Wells Fargo employee asks CEO for $10,000 raise for himself and entire company

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Wednesday, October 15, 2014
A customer exits a Wells Fargo bank branch in Los Angeles, Jan. 18, 2011.
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Tyrel Oates, a Wells Fargo employee, emailed the company's CEO directly to ask for a $10,000 raise. What's more is that he also included more than 200,000 other employees in the email chain, asking for a $10,000 for every fellow Wells Fargo employee as well.

The story initially broke when the full email was posted to Reddit, and later confirmed by The Oregonian, via an interview with Oates.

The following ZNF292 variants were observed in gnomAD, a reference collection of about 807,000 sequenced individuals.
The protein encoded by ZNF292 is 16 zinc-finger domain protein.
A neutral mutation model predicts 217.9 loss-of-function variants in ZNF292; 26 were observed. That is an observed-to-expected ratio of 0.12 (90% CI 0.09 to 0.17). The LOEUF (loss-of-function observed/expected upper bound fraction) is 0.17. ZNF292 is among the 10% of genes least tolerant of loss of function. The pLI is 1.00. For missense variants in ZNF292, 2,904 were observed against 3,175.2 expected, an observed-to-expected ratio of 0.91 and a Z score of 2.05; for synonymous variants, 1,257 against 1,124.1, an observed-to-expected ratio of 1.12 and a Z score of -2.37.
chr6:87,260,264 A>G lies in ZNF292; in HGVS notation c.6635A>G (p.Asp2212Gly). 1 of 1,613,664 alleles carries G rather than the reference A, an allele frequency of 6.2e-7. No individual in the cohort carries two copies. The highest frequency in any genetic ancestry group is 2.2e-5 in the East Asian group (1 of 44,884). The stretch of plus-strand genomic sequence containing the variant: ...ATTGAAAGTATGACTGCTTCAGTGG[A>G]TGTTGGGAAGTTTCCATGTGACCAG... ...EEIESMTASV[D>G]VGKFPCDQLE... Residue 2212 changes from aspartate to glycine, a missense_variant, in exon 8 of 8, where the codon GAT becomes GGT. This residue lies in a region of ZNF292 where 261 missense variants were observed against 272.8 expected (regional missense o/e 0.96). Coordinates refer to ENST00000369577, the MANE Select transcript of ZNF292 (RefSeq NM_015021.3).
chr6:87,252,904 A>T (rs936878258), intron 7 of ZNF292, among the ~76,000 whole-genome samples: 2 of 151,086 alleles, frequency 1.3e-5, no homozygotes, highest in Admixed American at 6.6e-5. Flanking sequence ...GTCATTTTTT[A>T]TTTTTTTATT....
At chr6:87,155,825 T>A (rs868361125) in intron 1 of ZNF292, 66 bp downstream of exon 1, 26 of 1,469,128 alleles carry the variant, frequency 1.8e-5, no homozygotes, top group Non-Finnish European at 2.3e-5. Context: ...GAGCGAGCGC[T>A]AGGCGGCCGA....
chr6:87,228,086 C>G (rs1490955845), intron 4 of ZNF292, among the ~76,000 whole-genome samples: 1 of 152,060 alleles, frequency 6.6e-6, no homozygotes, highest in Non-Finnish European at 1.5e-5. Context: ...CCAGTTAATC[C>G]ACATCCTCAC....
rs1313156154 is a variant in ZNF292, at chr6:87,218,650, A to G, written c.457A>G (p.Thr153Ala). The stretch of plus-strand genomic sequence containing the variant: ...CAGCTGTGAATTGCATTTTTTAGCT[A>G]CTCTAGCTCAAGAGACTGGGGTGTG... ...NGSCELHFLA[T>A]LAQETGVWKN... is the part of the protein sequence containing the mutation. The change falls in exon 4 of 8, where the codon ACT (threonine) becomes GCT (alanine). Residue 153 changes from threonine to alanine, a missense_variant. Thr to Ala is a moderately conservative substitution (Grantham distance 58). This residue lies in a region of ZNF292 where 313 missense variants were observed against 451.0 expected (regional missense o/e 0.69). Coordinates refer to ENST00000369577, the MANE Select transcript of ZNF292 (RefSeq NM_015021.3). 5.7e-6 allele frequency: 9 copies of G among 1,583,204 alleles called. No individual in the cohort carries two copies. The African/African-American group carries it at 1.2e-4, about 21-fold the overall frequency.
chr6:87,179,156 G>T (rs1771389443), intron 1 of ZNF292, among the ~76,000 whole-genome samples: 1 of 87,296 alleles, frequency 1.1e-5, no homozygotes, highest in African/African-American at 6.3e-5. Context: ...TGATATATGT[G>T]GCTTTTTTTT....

Oates argued that as the company has skyrocketed in profits over the past few years, those profits should be shared as the average employee still makes less than a living wage. In 2013, Wells Fargo reportedly earned $21.9 billion, a 16 percent profit increase from 2012. CEO John Stumpf, a 31-year-veteran of Wells Fargo, was awarded with an 8 percent pay increase, to $19 million. Oates started working at Wells Fargo on a wage of $13 an hour, and now seven years later makes $15 an hour, and said he hasn't been able to keep up with living expenses.

Oates laid out his poignant argument in great detail in the email, claiming that such a raise for every employee would roughly equate to an hourly wage increase of $4.71 and cost roughly $3 billion.

The full email, with Oates' name redacted, as it was posted to Reddit: